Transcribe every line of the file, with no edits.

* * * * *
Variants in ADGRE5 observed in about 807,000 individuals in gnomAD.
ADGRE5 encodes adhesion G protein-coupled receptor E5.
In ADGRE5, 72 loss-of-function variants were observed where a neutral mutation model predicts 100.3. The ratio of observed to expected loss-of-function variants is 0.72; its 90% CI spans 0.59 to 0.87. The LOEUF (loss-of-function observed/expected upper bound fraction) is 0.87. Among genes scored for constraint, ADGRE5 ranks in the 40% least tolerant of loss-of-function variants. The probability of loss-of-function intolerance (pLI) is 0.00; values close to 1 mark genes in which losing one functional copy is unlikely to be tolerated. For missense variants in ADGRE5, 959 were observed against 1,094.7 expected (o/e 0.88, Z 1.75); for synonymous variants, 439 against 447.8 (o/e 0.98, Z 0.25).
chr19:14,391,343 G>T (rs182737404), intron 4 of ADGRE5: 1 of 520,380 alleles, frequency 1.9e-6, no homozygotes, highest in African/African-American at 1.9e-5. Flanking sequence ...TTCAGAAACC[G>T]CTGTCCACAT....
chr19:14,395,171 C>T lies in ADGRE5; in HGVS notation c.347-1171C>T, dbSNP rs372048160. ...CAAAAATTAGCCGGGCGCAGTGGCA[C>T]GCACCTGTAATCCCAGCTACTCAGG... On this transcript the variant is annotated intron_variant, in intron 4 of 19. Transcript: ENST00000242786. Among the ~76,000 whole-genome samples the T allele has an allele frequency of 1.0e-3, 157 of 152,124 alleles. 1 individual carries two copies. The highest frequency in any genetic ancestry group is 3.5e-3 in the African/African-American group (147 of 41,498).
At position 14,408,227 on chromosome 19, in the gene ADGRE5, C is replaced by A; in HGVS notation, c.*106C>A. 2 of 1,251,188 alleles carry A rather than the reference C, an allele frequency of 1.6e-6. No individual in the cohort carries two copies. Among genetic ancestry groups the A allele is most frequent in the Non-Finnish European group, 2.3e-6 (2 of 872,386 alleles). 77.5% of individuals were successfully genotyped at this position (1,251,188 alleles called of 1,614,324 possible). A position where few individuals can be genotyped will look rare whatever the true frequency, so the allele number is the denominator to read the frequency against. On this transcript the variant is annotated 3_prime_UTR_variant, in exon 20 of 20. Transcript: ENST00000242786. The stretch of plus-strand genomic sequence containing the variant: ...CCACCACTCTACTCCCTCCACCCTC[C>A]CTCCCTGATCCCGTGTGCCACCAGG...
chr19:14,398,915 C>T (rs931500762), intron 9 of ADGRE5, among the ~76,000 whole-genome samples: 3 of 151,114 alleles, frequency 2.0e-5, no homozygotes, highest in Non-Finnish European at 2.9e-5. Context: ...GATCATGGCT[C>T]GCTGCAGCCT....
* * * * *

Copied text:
Variants in ADGRE5 observed in about 807,000 individuals in gnomAD.
ADGRE5 encodes adhesion G protein-coupled receptor E5.
In ADGRE5, 72 loss-of-function variants were observed where a neutral mutation model predicts 100.3. The ratio of observed to expected loss-of-function variants is 0.72; its 90% CI spans 0.59 to 0.87. The LOEUF (loss-of-function observed/expected upper bound fraction) is 0.87. Among genes scored for constraint, ADGRE5 ranks in the 40% least tolerant of loss-of-function variants. The probability of loss-of-function intolerance (pLI) is 0.00; values close to 1 mark genes in which losing one functional copy is unlikely to be tolerated. For missense variants in ADGRE5, 959 were observed against 1,094.7 expected (o/e 0.88, Z 1.75); for synonymous variants, 439 against 447.8 (o/e 0.98, Z 0.25).
chr19:14,391,343 G>T (rs182737404), intron 4 of ADGRE5: 1 of 520,380 alleles, frequency 1.9e-6, no homozygotes, highest in African/African-American at 1.9e-5. Flanking sequence ...TTCAGAAACC[G>T]CTGTCCACAT....
chr19:14,395,171 C>T lies in ADGRE5; in HGVS notation c.347-1171C>T, dbSNP rs372048160. ...CAAAAATTAGCCGGGCGCAGTGGCA[C>T]GCACCTGTAATCCCAGCTACTCAGG... On this transcript the variant is annotated intron_variant, in intron 4 of 19. Transcript: ENST00000242786. Among the ~76,000 whole-genome samples the T allele has an allele frequency of 1.0e-3, 157 of 152,124 alleles. 1 individual carries two copies. The highest frequency in any genetic ancestry group is 3.5e-3 in the African/African-American group (147 of 41,498).
At position 14,408,227 on chromosome 19, in the gene ADGRE5, C is replaced by A; in HGVS notation, c.*106C>A. 2 of 1,251,188 alleles carry A rather than the reference C, an allele frequency of 1.6e-6. No individual in the cohort carries two copies. Among genetic ancestry groups the A allele is most frequent in the Non-Finnish European group, 2.3e-6 (2 of 872,386 alleles). 77.5% of individuals were successfully genotyped at this position (1,251,188 alleles called of 1,614,324 possible). A position where few individuals can be genotyped will look rare whatever the true frequency, so the allele number is the denominator to read the frequency against. On this transcript the variant is annotated 3_prime_UTR_variant, in exon 20 of 20. Transcript: ENST00000242786. The stretch of plus-strand genomic sequence containing the variant: ...CCACCACTCTACTCCCTCCACCCTC[C>A]CTCCCTGATCCCGTGTGCCACCAGG...
chr19:14,398,915 C>T (rs931500762), intron 9 of ADGRE5, among the ~76,000 whole-genome samples: 3 of 151,114 alleles, frequency 2.0e-5, no homozygotes, highest in Non-Finnish European at 2.9e-5. Context: ...GATCATGGCT[C>T]GCTGCAGCCT....